The plastic tea bag after composting
The loose tea brewed in a teapot or tea ball can be easily composted. Tea leaves are a good source of Nitrogen (Greens) organic material for the compost bin which will be moistened during the brewing process encouraging
decomposition. The tea ball or strainer can be emptied directly into the kitchen caddy while loose leaves can be scooped from the pot into the caddy by hand, once cool.
Teabags are usually listed as compostable items but in recent years more and more
composters have complained that the bags do not actually decompose when composted. In 2010 a report by Which? Gardening, found that six out of the seven largest tea bag manufacturers did not make fully compostable bags. This is because at the bags include
a non-biodegradable plastic (polypropylene) so that they can be more easily heat-sealed during manufacture. The bags may be described as “70% or 80%” compostable which includes the tea leaves and paper element of the bag but not the plastic.
Although each individual teabag is small they account for about 150 tonnes of polypropylene going to landfill, AD or composting a year in the UK alone. This is equivalent to about 165 million teabags a day. Many of these are composted in food waste.
The COOP announced in January 2018 that it was in the final stages of developing a plastic free biodegradable teabag for its own brand Fairtrade 99 teabags. The Coop which sells 367 million teabags a year hopes to have the new bags in their shops later
PLASTIC-FREE TEA BAGS
Some teabags are already plastic free making the bags ideal for composting. This is list was published in April 2018:
- Pukka Tea
- Jacksons of Piccadilly
- Twinings Pyramid
- PG Tips pyramid teabags
- Tetley’s catering range
- Clipper string and tag teabags
Mike Armitage a gardener from Wrexham started a petition to get manufacturers to remove all plastic from tea
bags after finding residue from teabags in his garden compost. Details of the 38 Degrees petition can be found at (https://you.38degrees.org.uk/petitions). The petition succeeded in persuading the UK's largest
tea bag manufacturer Unilever/PG Tips to announce that they will remove plastics from their teabags.
But the other leading UK teabag manufacturers are still using plastics in their teabags, although the following are expected to become plastic-free
- Clipper pillow teabags (the string and tag Clipper teabags are already plastic free)
- PG Tips standard teabags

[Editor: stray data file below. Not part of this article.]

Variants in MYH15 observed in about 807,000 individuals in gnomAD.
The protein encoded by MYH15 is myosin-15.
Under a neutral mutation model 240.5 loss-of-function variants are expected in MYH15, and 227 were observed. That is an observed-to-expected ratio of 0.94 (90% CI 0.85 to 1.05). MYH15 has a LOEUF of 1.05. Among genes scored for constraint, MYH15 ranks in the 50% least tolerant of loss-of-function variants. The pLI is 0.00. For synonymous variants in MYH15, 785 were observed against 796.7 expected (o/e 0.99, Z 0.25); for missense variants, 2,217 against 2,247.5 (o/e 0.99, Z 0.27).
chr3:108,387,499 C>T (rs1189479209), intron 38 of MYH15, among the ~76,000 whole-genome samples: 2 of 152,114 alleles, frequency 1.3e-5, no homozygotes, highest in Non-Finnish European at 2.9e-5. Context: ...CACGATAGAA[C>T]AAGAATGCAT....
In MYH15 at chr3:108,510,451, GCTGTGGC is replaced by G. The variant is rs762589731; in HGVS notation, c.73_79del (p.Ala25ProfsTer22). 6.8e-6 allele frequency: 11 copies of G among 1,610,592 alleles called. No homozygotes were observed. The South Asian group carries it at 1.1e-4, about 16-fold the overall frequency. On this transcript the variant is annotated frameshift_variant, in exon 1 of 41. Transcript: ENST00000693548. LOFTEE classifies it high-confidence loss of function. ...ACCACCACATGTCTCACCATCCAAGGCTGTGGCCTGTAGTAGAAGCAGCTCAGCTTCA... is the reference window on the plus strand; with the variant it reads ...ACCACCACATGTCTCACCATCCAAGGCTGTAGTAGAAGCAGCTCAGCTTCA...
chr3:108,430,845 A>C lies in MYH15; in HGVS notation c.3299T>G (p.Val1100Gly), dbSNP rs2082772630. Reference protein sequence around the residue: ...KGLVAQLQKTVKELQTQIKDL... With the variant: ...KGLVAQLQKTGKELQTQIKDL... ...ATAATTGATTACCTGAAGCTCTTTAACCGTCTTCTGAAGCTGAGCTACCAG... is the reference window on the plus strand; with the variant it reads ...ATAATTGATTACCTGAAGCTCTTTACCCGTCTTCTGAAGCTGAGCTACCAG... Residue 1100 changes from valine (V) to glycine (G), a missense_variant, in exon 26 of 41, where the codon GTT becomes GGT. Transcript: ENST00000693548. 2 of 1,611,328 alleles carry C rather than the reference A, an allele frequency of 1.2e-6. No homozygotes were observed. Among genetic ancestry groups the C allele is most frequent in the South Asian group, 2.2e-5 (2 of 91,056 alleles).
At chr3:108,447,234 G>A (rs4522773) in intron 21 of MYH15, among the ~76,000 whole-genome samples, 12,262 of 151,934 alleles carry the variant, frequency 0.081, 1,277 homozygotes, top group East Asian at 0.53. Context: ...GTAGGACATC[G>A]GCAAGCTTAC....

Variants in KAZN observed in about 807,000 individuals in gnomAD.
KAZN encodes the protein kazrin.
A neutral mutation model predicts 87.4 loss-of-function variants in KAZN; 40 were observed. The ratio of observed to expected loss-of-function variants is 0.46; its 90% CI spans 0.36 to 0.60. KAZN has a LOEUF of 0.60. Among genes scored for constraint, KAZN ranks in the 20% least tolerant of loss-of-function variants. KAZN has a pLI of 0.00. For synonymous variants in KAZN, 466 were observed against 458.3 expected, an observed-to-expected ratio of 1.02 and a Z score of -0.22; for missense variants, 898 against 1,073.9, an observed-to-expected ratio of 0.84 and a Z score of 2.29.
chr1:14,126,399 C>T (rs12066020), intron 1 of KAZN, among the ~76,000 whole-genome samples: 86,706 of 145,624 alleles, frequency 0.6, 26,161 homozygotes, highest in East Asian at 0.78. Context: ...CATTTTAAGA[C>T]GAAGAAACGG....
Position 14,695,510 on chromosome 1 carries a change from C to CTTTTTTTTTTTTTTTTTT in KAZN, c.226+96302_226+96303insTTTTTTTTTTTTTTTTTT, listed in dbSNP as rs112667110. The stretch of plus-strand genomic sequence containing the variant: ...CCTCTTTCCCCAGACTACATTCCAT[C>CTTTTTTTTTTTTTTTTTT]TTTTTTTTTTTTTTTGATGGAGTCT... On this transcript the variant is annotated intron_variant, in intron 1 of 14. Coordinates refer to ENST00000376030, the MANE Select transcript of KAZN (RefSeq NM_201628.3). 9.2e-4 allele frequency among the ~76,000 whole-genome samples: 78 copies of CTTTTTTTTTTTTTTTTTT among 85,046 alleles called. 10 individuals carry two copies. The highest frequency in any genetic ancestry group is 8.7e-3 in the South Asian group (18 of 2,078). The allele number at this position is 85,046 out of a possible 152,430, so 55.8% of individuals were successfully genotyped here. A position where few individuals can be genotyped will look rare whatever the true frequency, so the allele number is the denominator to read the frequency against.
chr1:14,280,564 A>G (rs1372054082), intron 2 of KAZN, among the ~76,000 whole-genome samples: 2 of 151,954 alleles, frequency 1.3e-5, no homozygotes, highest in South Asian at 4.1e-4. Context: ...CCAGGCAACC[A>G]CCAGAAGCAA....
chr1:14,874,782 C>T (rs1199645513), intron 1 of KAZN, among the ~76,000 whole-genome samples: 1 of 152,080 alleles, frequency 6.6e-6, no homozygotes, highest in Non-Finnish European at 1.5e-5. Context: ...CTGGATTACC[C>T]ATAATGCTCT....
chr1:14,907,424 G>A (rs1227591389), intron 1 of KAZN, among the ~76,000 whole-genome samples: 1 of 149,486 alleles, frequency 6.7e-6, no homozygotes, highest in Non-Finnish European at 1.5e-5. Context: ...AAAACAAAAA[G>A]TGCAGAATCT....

- Tetley teabags (Tetley string & tag teabags which are used mostly in their catering range of individually
wrapped tea bags are plastic free).
- Co-Op 99 teabags
Compostable teabags made of a corn starch (SOILON) are sold by the Brew Tea Company and Teapigs. These will hot compost in about 6-8 weeks around 12 months in a cold
composting system. The corn starch might be from GM plants so there will be a need to compare the risks to the environment from the GM seeds from which the corn was grown with that from microplastics which is killing ocean life now as well as cropping
up in soil and fresh water.
Pukka Tea teabags are sewn by machine with cotton thread, not heat sealed, and do not contain plastic. The teabag paper is made of a blend of natural abaca (a type of banana) and plant cellulose fibres.
herbal and green tea ranges may already use a compostable tea bag material which can be put straight in the compost bin.
Composting Tea bags
Before the current concerns about plastic in teabags the advice when home composting was to use
loose leaf tea or if using teabags that did not decomposing during the composting process i.e. non-compostable bags:
- tear open the bags before putting them in the bin
- or sieve or pick them out after composting.
seen advice recently suggesting that to avoid the risk of the plastic entering the home compost bin, and eventually the soil, the bag should be emptied by cutting the top off the bag and tipping the tea residue into the kitchen caddy allowing it to be treated
as loose tea. Unfortunately, if the empty bag is put into the household (landfill) rubbish bin the plastic will still enter the soil.